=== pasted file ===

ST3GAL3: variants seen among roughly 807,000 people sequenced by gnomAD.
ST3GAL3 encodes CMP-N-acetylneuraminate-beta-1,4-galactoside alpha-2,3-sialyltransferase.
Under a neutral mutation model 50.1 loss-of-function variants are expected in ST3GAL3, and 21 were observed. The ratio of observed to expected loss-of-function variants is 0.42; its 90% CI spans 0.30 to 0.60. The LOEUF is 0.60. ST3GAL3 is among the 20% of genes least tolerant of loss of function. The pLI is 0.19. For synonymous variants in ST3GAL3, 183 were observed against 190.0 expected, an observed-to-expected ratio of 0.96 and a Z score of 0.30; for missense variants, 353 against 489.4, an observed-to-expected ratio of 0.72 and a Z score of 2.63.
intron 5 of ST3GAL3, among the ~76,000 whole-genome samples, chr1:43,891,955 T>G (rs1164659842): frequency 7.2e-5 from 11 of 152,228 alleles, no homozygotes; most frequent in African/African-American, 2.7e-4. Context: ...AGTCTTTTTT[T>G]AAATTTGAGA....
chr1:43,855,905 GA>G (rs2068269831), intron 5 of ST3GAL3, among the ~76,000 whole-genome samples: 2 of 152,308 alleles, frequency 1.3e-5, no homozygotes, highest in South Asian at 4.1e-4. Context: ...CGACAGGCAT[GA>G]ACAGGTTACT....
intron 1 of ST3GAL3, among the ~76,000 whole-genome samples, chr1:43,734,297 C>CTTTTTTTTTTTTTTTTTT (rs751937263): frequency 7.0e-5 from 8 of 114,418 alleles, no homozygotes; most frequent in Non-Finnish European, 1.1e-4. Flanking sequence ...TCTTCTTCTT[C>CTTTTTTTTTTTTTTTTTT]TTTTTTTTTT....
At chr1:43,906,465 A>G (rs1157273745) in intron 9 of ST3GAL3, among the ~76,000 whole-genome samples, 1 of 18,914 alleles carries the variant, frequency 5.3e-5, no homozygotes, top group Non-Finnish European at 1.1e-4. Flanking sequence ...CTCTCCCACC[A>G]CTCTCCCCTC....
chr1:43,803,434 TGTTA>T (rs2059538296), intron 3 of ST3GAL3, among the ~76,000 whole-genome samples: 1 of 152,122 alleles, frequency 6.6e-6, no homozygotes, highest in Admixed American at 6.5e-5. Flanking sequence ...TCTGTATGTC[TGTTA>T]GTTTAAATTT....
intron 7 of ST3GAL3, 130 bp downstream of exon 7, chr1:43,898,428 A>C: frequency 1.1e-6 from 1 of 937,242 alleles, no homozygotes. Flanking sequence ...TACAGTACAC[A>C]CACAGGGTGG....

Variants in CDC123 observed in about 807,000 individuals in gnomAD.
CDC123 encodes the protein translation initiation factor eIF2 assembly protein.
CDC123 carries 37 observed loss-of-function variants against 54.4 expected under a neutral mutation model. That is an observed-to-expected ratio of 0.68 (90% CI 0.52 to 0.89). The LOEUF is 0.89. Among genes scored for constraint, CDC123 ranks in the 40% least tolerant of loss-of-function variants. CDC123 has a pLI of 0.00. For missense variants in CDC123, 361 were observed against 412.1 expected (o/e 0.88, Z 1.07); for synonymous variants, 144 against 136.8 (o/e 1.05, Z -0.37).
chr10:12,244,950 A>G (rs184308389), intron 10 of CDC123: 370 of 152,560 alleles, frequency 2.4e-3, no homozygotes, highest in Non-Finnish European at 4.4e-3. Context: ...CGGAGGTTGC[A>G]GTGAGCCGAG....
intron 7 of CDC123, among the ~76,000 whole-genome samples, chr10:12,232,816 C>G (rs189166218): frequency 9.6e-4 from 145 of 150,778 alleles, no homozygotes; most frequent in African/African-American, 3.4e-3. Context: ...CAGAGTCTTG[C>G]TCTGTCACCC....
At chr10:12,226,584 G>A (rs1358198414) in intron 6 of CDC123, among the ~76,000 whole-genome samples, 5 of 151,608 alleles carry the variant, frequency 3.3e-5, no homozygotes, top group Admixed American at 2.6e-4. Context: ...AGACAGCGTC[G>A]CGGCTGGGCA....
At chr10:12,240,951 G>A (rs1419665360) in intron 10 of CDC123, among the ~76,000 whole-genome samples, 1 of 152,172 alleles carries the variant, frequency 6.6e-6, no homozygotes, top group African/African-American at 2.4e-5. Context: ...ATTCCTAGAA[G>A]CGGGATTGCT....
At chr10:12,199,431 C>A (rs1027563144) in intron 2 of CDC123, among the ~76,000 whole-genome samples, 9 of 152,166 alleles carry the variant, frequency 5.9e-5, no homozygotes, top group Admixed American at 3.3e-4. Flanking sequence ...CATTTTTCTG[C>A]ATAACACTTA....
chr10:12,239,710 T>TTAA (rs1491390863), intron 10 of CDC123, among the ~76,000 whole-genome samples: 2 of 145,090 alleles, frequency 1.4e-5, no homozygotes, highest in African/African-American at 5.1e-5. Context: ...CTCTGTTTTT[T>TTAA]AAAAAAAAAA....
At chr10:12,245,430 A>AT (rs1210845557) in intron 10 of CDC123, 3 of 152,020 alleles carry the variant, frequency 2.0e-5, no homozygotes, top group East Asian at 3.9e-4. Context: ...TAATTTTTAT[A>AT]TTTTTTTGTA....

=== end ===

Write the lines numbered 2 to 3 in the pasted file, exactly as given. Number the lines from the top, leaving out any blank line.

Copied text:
ST3GAL3 encodes CMP-N-acetylneuraminate-beta-1,4-galactoside alpha-2,3-sialyltransferase.
Under a neutral mutation model 50.1 loss-of-function variants are expected in ST3GAL3, and 21 were observed. The ratio of observed to expected loss-of-function variants is 0.42; its 90% CI spans 0.30 to 0.60. The LOEUF is 0.60. ST3GAL3 is among the 20% of genes least tolerant of loss of function. The pLI is 0.19. For synonymous variants in ST3GAL3, 183 were observed against 190.0 expected, an observed-to-expected ratio of 0.96 and a Z score of 0.30; for missense variants, 353 against 489.4, an observed-to-expected ratio of 0.72 and a Z score of 2.63.